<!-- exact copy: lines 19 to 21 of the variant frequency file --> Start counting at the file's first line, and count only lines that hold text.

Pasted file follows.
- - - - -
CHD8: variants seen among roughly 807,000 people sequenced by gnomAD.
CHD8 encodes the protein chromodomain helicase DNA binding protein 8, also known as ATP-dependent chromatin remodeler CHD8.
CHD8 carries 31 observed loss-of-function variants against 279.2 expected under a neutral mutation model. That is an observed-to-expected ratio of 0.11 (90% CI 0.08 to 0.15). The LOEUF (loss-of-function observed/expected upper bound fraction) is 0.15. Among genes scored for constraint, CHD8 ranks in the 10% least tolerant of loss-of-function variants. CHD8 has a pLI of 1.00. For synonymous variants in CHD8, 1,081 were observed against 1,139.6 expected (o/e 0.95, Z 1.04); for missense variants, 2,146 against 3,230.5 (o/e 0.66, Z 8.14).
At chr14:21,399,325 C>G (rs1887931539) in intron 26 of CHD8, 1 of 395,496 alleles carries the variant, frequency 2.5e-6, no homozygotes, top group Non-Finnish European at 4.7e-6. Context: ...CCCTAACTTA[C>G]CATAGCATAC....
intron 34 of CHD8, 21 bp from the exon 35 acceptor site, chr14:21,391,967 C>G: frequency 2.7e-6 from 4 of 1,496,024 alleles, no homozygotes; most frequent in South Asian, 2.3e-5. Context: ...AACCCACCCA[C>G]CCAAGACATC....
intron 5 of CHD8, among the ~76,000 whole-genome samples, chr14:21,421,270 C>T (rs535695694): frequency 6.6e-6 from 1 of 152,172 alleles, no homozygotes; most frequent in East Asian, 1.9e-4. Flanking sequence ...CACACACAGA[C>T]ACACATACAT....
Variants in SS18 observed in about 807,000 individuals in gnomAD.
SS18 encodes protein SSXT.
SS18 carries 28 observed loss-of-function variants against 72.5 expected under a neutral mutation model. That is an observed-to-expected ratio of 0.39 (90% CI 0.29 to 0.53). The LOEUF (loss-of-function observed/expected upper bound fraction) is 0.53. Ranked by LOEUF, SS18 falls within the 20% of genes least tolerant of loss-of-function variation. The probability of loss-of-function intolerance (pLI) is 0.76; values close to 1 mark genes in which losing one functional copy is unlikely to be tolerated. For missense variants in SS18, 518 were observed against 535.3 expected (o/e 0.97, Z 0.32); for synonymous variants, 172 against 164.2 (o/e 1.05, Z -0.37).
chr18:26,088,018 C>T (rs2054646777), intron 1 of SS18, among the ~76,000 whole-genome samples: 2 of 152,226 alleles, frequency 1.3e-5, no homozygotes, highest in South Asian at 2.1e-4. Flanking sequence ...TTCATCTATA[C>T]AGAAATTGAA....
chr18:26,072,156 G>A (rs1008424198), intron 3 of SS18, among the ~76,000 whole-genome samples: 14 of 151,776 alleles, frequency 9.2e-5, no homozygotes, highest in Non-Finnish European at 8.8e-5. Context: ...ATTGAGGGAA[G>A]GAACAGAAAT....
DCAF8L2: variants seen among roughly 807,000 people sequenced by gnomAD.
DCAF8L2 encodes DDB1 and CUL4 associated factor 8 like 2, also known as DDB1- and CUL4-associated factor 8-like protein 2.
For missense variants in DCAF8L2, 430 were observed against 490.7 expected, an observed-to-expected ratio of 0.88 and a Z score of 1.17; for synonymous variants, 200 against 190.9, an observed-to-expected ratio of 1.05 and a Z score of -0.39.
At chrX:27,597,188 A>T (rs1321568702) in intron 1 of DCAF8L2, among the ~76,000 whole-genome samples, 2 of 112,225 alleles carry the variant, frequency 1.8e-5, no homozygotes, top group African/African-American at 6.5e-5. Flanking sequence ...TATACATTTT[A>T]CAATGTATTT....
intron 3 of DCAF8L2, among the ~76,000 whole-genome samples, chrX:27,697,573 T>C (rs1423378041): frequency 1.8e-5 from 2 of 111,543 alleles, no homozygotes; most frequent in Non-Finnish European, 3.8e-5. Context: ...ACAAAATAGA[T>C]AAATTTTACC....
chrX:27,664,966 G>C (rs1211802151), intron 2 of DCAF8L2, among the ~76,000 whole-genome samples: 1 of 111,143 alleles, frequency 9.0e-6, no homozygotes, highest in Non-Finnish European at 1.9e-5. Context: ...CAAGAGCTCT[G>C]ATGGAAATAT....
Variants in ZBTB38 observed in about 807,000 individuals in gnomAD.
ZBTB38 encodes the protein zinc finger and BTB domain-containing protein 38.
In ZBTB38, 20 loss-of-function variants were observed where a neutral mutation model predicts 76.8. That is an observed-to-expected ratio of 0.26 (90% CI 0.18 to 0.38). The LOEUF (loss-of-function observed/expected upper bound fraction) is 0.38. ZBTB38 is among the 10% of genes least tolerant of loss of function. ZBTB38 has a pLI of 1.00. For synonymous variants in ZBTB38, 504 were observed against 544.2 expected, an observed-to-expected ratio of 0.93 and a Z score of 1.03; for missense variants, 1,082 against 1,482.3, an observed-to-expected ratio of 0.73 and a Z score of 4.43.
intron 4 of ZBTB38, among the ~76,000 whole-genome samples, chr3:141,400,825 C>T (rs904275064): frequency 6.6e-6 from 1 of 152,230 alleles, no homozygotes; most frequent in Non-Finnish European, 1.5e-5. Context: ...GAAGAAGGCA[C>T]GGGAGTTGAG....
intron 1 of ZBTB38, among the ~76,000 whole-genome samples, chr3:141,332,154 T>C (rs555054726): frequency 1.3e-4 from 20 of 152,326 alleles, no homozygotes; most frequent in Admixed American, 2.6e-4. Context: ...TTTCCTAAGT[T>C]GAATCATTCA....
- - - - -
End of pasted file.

ZBTB38 encodes the protein zinc finger and BTB domain-containing protein 38.
In ZBTB38, 20 loss-of-function variants were observed where a neutral mutation model predicts 76.8. That is an observed-to-expected ratio of 0.26 (90% CI 0.18 to 0.38). The LOEUF (loss-of-function observed/expected upper bound fraction) is 0.38. ZBTB38 is among the 10% of genes least tolerant of loss of function. ZBTB38 has a pLI of 1.00. For synonymous variants in ZBTB38, 504 were observed against 544.2 expected, an observed-to-expected ratio of 0.93 and a Z score of 1.03; for missense variants, 1,082 against 1,482.3, an observed-to-expected ratio of 0.73 and a Z score of 4.43.
intron 4 of ZBTB38, among the ~76,000 whole-genome samples, chr3:141,400,825 C>T (rs904275064): frequency 6.6e-6 from 1 of 152,230 alleles, no homozygotes; most frequent in Non-Finnish European, 1.5e-5. Context: ...GAAGAAGGCA[C>T]GGGAGTTGAG....